FALMOUTH — The School Department and police are working to improve security in the wake of last month’s shootings in Newtown, Conn.
Police Chief Ed Tolan and Superintendent of Schools Barbara Powers said they feel the schools are very safe, but there area always things that can be done to improve student safety.
“I think we have been doing as good a job as anybody on securing our schools,” Tolan said. “The School Department and the Police and Fire departments were working on (safety procedures) well before Newtown. We have a good environment, but unfortunately you can never be 100 percent sure; if someone is willing to commit a heinous act and give up their life, you can’t control it.”
According to Powers, immediately after the shooting in Newtown, school officials met with police and fire officials to review safety procedures and identify areas for improvement. Several upgrades have already been made and more are on the way.
Most doors into each of the schools in the district are protected by keyless entry and are locked at all times after students enter, she said. An upgrade is planned to the doors not currently equipped with keyless entry.
A second upgrade at the middle school and high school will further secure the front doors. After the upgrade, visitors to the schools will have to be buzzed in through the front entrance, just like the current system at the elementary school.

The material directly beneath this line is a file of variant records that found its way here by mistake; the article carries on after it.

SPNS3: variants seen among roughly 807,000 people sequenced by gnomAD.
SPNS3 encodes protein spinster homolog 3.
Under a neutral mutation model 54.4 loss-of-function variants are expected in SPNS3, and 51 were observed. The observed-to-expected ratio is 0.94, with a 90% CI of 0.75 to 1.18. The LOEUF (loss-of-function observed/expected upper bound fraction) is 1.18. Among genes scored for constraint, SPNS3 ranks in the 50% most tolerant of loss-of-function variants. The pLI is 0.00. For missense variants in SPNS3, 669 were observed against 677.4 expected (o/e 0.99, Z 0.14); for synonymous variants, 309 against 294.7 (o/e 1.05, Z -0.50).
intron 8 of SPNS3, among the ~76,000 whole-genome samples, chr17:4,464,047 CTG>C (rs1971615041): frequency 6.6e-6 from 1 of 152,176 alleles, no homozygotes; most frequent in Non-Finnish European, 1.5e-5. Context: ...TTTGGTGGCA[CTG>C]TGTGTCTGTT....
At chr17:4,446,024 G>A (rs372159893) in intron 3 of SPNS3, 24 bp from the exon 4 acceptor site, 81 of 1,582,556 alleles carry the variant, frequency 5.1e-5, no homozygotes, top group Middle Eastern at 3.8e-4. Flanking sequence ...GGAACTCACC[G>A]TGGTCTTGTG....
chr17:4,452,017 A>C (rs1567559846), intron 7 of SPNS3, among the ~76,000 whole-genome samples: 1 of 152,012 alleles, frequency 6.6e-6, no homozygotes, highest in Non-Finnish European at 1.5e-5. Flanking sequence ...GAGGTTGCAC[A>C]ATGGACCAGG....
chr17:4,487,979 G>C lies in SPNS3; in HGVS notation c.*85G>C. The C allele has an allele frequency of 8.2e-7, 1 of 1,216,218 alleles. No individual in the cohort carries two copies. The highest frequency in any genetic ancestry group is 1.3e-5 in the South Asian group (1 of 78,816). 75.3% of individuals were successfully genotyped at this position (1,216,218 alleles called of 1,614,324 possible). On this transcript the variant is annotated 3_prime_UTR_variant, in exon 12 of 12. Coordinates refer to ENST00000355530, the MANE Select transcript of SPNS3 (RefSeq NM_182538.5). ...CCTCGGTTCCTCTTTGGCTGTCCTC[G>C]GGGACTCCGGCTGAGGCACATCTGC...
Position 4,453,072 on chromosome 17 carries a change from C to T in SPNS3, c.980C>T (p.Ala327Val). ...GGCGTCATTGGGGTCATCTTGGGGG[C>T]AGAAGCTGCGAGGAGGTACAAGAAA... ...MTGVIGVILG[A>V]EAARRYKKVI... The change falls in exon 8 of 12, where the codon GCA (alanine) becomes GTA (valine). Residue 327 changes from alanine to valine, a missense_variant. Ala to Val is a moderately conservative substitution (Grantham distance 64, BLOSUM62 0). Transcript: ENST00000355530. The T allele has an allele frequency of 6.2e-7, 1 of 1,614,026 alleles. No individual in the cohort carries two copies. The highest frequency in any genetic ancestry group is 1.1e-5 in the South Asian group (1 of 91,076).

Additionally, each teacher and staff member was asked to review their emergency procedures and Powers said that training exercises will be conducted with the teachers.
The Police Department has also added the school campus to its regular patrol routes.
“We have the officers now stop at the schools and the guys who are on patrol park out in front and go in and can go in and walk around, have lunch with the kids,” Tolan said. “Some people might ask why we are doing this, but it gives a presence of an officer being there at random times. The point is that you just don’t know when there will be an (additional) officer at the school.”
Bob Soucy, the school resource officer since 1997, will also be attending an active-shooter training in Texas in March.
“Every time one of these incidents happen, everyone looks at their procedures,” Tolan said. “We need school resource officers to respond immediately and not wait for backup and we feel it is very important for Bob to have all the training he can.”
Tolan would not provide details about particular safety procedures, but he said that drills in the schools have provided officers with the training they need. He said that Officer Kurt Fegan trains with the county tactical response team and they do drills in local schools in the evenings or at times when students are not present.
Both Tolan and Powers said that there were not major safety concerns that needed to be overhauled, but that reviewing saftey procedures in the wake of the recent school shootings is absolutely necessary.
“We’ve had a good program over the years, but any time you have an incident you have to meet and review your procedures and see if we can learn anything,” the police chief said. “Nothing major (needed to be changed), only small things came out (in our review).”